It is typically a two or three-page letter, in which the requester is asking an agency to change the decision of the agency about redactions and application of exemption law.

One of the most important aspects of FOIA is the administrative appeals process. If a federal agency decides that records must be produced or must partially be produced, that decision can be appealed – not to a court but an administrative appeals officer. This person works for the department of the agency which made the decision, but they aren’t a federal judge. It’s important to realize that FOIA is an administrative law: the agency is supposed to respond to requests and if those requests are denied or the records are redacted, then there’s an administrative process to resolve these things. You must exhaust your administrative rights before going to federal court. The administrative appeals process can be completed without a lawyer, although lawyers are allowed to participate in this process. It usually involves writing a multi-page appeal and there is no oral argument. 

You can only go to court if you have exhausted your administrative remedies. You can’t sue an agency on the 19th day, because FOIA says agencies have 20 days. You can’t sue an agency if you have not administratively appealed. 

A record can be many things. It includes: document, report, photograph, database, chart, map, letter, email, phone log, basically anything that’s already been created and something you can see and touch.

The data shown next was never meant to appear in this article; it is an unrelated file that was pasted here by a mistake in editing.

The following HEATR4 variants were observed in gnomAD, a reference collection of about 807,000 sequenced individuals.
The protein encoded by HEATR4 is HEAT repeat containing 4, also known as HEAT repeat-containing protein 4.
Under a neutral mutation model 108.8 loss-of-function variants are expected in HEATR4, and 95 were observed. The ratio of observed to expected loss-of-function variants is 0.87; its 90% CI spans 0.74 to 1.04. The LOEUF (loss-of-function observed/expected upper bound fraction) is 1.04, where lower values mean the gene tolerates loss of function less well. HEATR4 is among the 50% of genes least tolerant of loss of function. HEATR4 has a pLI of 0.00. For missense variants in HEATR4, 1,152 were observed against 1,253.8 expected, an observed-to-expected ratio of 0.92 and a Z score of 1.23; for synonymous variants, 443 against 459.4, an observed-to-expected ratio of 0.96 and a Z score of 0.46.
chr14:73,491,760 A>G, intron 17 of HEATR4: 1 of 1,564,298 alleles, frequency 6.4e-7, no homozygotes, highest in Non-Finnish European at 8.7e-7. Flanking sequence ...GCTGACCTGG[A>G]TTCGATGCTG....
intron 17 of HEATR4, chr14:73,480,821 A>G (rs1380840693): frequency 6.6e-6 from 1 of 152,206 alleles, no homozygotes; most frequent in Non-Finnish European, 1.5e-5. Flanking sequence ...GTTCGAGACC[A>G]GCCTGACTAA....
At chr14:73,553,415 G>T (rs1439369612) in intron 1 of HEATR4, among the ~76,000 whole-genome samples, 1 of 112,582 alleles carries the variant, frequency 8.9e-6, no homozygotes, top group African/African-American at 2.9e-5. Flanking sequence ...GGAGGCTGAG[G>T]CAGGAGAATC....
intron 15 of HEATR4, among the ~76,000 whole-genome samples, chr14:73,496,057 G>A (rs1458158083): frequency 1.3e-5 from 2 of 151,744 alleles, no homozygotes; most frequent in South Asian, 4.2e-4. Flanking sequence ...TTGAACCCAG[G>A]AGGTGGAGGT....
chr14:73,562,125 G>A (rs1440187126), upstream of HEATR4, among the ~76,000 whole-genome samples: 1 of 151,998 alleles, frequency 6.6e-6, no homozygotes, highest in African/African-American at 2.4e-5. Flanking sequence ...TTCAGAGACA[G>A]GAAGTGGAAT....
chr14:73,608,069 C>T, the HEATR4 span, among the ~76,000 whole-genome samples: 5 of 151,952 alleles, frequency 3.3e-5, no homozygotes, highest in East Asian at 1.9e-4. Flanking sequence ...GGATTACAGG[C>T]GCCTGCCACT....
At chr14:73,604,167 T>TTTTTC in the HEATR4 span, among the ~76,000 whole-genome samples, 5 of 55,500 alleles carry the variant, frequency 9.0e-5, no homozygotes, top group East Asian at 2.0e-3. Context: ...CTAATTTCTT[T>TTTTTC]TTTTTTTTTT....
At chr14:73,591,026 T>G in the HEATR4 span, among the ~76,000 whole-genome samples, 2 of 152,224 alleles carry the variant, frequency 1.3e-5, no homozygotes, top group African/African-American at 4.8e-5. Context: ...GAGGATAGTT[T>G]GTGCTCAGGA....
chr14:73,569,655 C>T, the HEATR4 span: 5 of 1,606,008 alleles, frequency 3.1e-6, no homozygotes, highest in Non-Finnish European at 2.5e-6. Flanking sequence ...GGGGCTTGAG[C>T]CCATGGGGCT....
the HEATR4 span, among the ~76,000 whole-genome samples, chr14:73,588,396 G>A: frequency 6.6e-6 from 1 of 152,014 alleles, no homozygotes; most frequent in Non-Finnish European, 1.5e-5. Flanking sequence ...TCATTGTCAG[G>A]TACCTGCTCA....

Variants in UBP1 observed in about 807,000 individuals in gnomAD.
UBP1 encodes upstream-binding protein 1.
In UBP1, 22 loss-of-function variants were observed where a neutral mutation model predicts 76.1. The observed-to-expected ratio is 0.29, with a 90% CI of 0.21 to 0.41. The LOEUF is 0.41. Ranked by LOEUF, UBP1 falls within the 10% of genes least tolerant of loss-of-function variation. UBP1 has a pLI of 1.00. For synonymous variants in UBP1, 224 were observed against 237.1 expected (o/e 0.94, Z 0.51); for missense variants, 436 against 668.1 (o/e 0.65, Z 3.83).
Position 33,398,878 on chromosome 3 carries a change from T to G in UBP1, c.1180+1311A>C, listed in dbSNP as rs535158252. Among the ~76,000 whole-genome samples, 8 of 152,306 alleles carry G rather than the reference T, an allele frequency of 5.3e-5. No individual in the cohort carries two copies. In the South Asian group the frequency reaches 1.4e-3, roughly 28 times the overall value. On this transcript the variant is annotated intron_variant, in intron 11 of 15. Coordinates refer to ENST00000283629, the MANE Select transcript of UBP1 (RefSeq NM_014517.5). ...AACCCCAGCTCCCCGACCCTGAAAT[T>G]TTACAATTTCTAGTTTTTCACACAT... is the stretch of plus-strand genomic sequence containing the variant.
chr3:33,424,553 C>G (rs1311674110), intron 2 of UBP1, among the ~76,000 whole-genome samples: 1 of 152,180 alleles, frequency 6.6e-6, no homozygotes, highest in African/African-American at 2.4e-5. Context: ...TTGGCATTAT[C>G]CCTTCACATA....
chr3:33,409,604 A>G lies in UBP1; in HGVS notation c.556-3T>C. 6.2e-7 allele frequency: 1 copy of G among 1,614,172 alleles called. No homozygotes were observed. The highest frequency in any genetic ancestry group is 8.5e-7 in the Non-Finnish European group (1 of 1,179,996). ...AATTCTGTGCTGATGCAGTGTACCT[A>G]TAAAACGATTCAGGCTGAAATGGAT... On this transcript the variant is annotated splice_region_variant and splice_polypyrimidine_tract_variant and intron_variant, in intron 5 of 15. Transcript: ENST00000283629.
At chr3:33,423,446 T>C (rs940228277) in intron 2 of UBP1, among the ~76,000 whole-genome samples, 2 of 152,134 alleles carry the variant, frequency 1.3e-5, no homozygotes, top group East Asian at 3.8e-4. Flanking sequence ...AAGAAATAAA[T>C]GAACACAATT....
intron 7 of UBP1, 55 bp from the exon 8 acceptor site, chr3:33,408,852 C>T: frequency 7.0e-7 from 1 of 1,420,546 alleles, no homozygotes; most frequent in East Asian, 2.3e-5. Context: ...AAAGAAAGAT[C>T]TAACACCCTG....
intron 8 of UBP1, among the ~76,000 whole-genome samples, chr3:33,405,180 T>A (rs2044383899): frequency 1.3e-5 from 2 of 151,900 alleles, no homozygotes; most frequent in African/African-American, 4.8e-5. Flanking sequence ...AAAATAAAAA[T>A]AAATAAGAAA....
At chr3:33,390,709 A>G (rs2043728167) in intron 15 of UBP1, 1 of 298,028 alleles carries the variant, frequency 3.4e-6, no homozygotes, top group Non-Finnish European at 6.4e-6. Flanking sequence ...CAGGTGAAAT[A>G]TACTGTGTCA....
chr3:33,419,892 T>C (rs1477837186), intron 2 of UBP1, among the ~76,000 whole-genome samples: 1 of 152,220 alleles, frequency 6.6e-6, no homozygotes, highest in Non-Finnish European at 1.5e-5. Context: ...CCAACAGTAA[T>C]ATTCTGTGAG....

Two big misconceptions:

Some people think that federal agencies must give them exactly what they want. That’s just not true. Some people think that they are entitled to “information” held by federal agencies. That’s not really true, either, in that federal agencies must release non-exempt responsive records but federal agencies don’t have to write up or construct records that satisfy a requester’s request. If there’s no record, there’s no record.

The second major misconception is that a nonprofit or journalist has to be backed by big money to bring this type of litigation. On the contrary, the majority of our clients are modestly funded organizations or journalists who obtain our services because of fee shifting. 

There are several ways a requester can go to federal court. The first is when the request is made and there is no response by the federal agency. That process requires the expiration of the 20 day period. The second is 20 working days after an administrative appeal is filed or after an administrative appeal is decided

For our law firm, federal litigation starts with the electronic filing of a complaint in the United States District Court for the District of Columbia, and a request for a summons on the federal defendant. After the service of the complaint and summons on the federal agency, U.S. Attorney General, and U.S. Attorney for the District of Columbia, the federal agency has 30 days to answer. Litigation can be used to force the agency to justify its exemptions and redactions to requested records.